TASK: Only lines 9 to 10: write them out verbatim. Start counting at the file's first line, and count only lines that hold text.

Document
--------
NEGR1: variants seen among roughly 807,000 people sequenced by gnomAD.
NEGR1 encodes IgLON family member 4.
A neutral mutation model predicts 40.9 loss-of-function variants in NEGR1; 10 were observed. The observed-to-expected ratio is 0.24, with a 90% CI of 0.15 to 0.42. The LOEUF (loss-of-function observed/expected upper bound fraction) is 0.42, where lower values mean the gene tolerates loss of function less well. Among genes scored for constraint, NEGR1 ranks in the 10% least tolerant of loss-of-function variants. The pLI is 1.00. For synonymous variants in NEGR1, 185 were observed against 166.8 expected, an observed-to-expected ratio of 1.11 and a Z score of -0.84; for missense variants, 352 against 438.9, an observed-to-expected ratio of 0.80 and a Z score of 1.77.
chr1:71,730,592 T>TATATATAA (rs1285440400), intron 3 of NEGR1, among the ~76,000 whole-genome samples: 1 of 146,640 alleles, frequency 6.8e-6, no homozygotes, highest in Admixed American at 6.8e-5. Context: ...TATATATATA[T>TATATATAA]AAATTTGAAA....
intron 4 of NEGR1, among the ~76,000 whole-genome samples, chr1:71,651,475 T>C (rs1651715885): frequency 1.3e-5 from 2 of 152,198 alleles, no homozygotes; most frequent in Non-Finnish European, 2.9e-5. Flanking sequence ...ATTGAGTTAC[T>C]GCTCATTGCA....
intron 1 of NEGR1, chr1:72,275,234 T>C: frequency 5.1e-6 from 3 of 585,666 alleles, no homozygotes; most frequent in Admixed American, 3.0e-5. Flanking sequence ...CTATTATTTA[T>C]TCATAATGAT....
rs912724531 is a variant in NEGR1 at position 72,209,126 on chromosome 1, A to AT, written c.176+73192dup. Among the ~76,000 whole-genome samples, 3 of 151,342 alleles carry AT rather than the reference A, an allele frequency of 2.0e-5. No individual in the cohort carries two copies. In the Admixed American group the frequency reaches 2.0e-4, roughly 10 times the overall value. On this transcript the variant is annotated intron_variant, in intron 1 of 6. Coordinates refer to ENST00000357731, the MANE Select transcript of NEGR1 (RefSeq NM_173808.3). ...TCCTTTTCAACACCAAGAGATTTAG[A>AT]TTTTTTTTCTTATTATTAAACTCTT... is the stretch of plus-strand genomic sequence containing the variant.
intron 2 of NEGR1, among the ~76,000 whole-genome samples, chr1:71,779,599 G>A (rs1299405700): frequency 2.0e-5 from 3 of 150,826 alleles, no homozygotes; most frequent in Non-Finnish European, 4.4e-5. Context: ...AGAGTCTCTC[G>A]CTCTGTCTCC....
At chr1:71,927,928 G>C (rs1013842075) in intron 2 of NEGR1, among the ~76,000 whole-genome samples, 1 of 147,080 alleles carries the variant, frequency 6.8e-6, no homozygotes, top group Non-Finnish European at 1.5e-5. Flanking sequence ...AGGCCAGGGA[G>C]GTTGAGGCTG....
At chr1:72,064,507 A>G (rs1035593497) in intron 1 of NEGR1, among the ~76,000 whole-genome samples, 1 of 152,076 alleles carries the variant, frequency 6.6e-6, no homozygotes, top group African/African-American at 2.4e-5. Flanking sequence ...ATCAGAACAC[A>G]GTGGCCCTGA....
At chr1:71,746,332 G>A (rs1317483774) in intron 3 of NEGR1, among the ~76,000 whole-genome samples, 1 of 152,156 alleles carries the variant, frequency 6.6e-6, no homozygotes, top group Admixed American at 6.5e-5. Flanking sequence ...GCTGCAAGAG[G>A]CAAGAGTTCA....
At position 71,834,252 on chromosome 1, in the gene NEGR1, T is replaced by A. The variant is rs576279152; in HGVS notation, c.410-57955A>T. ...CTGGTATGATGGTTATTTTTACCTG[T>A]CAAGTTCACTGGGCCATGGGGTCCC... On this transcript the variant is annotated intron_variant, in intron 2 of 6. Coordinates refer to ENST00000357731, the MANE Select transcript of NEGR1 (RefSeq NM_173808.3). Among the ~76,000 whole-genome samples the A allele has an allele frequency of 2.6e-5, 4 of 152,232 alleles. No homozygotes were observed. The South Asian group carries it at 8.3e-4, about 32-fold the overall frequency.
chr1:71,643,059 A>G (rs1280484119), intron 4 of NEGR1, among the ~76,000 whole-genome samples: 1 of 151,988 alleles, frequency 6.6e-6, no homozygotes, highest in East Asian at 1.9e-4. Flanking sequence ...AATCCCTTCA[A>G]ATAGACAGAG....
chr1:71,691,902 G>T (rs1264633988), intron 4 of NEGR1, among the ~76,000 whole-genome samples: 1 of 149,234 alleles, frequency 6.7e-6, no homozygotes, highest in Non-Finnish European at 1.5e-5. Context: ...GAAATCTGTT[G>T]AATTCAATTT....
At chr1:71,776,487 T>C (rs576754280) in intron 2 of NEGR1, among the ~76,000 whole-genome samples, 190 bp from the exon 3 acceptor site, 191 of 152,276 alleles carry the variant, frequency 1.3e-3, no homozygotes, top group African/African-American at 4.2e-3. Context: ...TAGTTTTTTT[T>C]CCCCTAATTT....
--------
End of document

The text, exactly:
At chr1:71,927,928 G>C (rs1013842075) in intron 2 of NEGR1, among the ~76,000 whole-genome samples, 1 of 147,080 alleles carries the variant, frequency 6.8e-6, no homozygotes, top group Non-Finnish European at 1.5e-5. Flanking sequence ...AGGCCAGGGA[G>C]GTTGAGGCTG....
At chr1:72,064,507 A>G (rs1035593497) in intron 1 of NEGR1, among the ~76,000 whole-genome samples, 1 of 152,076 alleles carries the variant, frequency 6.6e-6, no homozygotes, top group African/African-American at 2.4e-5. Flanking sequence ...ATCAGAACAC[A>G]GTGGCCCTGA....